The Australian Securities and Investments Commission (ASIC) remains on track to produce final guidance on two key aspects of the Future of Financial Advice (FoFA) changes by the end of the year, with final guidance on other issues to follow early next year, according to its commissioner, Peter Kell.

On Monday Kell told the AFA National Conference on the Gold Coast that ASIC will release final guidance on the best interests test and scaled advice by December. Guidance on conflicted remuneration will be released in February.

Kell says ASIC has issued four key consultation papers and has received considerable feedback from the industry, which he says will inform its final guidance.

“In addition to these consultation papers, we are now planning to issue an information paper on fee-disclosure statements on our FoFA web page fairly shortly,” Kell said.

The Commission also plans to release a consultation paper on RG146, covering minimum competency and training requirements, having already signalled that basic requirements need to be substantially upgraded.

Tell me about it

Kell (right) said ASIC welcomes feedback on all of its consultation papers, but it is on the issue of industry codes that it is most keen to hear what the industry thinks.

“There are three key issues,” Kell said. “The first is what would be the content of a code that does obviate the need for opt in.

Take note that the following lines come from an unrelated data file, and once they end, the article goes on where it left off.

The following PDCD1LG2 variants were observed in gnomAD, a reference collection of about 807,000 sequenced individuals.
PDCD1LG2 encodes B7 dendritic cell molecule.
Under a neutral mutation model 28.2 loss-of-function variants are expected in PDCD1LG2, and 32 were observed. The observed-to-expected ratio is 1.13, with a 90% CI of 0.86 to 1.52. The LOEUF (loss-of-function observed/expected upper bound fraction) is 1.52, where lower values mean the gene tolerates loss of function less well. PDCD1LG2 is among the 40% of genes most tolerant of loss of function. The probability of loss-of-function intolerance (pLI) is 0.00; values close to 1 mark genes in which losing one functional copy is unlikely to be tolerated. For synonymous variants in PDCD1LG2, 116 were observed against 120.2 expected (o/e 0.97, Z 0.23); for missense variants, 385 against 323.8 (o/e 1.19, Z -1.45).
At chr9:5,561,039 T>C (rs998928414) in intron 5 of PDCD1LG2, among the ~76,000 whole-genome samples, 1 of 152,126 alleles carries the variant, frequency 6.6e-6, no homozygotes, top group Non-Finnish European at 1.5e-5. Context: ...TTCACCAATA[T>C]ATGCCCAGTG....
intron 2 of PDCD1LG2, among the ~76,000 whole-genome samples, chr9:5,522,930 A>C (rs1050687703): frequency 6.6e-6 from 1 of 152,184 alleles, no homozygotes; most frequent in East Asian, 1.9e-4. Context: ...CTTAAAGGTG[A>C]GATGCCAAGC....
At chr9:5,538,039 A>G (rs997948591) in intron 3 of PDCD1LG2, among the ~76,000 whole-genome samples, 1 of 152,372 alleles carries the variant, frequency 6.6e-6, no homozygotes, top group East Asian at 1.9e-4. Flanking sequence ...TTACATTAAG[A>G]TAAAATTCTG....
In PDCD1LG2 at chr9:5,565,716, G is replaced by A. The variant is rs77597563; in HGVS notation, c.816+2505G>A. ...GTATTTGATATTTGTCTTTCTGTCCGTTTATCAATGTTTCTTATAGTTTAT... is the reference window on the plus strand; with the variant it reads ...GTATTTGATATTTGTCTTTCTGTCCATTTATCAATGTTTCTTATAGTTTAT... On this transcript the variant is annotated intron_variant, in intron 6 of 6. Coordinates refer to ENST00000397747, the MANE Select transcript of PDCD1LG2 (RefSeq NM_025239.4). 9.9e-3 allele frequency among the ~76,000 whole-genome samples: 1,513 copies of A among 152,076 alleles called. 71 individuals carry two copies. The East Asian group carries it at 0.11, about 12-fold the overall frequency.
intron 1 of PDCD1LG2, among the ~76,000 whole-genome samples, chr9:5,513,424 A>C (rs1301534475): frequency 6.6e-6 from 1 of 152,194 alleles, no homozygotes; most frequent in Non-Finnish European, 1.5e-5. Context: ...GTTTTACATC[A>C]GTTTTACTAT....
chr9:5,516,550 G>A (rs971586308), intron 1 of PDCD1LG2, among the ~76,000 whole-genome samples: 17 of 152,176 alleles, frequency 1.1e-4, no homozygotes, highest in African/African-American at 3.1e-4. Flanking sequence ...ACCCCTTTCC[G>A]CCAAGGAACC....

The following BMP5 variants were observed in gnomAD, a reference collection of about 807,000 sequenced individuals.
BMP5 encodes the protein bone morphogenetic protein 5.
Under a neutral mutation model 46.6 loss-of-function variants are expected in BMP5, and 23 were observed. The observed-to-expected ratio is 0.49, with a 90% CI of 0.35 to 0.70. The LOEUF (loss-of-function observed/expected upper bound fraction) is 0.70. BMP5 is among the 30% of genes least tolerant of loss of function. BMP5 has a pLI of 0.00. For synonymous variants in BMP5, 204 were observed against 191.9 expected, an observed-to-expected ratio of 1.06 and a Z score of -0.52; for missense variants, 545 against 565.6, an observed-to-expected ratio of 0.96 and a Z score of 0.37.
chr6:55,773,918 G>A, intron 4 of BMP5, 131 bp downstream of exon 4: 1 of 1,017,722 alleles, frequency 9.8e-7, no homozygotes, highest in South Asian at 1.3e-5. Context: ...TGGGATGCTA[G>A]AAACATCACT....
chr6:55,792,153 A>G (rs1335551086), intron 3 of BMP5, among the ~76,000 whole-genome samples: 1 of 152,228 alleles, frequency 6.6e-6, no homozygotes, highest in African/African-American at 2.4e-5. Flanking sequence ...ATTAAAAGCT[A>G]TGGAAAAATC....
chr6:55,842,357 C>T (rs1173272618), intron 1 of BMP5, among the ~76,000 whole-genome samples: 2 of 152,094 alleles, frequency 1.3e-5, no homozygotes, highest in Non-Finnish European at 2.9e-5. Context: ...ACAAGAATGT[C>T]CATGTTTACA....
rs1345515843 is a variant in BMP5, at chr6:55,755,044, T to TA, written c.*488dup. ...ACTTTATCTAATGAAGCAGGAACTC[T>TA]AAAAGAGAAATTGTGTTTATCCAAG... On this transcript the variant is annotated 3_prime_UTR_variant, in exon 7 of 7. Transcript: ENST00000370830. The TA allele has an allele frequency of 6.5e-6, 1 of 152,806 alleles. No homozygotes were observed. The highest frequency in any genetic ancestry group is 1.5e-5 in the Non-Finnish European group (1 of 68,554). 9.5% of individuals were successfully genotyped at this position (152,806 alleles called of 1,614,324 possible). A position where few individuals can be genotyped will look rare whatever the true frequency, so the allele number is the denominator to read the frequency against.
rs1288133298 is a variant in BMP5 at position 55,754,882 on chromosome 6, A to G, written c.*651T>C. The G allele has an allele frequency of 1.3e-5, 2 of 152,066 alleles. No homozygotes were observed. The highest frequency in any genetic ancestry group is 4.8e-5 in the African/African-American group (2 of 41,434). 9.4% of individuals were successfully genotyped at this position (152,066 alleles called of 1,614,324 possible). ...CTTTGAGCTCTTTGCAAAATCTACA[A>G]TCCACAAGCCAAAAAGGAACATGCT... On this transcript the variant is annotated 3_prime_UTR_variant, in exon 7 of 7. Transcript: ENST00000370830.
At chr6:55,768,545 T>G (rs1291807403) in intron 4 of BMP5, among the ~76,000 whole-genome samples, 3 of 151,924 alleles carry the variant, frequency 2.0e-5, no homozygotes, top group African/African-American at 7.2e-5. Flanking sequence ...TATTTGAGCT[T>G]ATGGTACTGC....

“We expect approved FoFA codes to contain provisions that will achieve substantially the same sort of outcomes that the opt-in requirement itself is intended to achieve. That is, engaged clients, who are receiving valued services for the ongoing fees they pay.

“This is an area where we genuinely are seeking some further feedback from the industry in considerably more detail than perhaps some of the other papers. This is really something where ASIC needs to hear from you, as to what sort of services and what sort of requirements should be in place.

“We’ve also consulted around the form of an approved code. Generally, codes are conceived of as industry-wide and covering a broad range of issues. We’ve asked whether codes could be content-limited. That means, a code that only contains requirements that obviate the need to opt in. Does it have to be broader? We’ve noted some challenges around that, but we want to get some feedback on that.

“And, we want to get feedback on entity-specific codes. That is, could a code be linked to a single provider, or a small number of providers? How big does it have to be in terms of coverage before it should be approved?

“Our consultation paper talks about the potential advantages and disadvantages of these approaches, but they have been raised with us and we thought it was important to receive feedback from the industry.”

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